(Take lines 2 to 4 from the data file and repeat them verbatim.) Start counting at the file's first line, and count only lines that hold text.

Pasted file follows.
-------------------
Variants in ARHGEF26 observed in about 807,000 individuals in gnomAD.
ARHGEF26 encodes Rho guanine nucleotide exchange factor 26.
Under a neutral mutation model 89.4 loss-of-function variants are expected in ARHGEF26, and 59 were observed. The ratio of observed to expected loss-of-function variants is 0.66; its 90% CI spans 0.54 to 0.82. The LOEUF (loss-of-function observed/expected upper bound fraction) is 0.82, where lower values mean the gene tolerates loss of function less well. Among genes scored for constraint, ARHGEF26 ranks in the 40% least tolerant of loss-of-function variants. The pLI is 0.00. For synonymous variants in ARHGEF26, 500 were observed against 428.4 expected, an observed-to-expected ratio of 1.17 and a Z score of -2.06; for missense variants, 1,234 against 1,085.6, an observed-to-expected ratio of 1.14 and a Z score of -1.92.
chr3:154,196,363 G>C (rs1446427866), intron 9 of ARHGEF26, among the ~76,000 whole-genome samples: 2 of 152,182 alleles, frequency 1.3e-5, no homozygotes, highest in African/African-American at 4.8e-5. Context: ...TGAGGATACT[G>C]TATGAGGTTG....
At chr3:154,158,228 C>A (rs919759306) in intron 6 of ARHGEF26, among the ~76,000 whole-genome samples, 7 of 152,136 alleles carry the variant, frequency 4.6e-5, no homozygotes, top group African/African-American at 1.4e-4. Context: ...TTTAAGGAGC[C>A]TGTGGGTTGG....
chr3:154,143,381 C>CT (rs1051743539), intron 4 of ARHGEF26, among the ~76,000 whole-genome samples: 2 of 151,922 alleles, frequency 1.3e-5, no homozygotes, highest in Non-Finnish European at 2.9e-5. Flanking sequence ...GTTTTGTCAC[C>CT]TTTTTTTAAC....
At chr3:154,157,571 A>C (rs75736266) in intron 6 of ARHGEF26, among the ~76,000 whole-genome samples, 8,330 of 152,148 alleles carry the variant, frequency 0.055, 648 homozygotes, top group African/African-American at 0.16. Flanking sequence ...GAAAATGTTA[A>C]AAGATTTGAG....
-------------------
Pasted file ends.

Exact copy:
ARHGEF26 encodes Rho guanine nucleotide exchange factor 26.
Under a neutral mutation model 89.4 loss-of-function variants are expected in ARHGEF26, and 59 were observed. The ratio of observed to expected loss-of-function variants is 0.66; its 90% CI spans 0.54 to 0.82. The LOEUF (loss-of-function observed/expected upper bound fraction) is 0.82, where lower values mean the gene tolerates loss of function less well. Among genes scored for constraint, ARHGEF26 ranks in the 40% least tolerant of loss-of-function variants. The pLI is 0.00. For synonymous variants in ARHGEF26, 500 were observed against 428.4 expected, an observed-to-expected ratio of 1.17 and a Z score of -2.06; for missense variants, 1,234 against 1,085.6, an observed-to-expected ratio of 1.14 and a Z score of -1.92.
chr3:154,196,363 G>C (rs1446427866), intron 9 of ARHGEF26, among the ~76,000 whole-genome samples: 2 of 152,182 alleles, frequency 1.3e-5, no homozygotes, highest in African/African-American at 4.8e-5. Context: ...TGAGGATACT[G>C]TATGAGGTTG....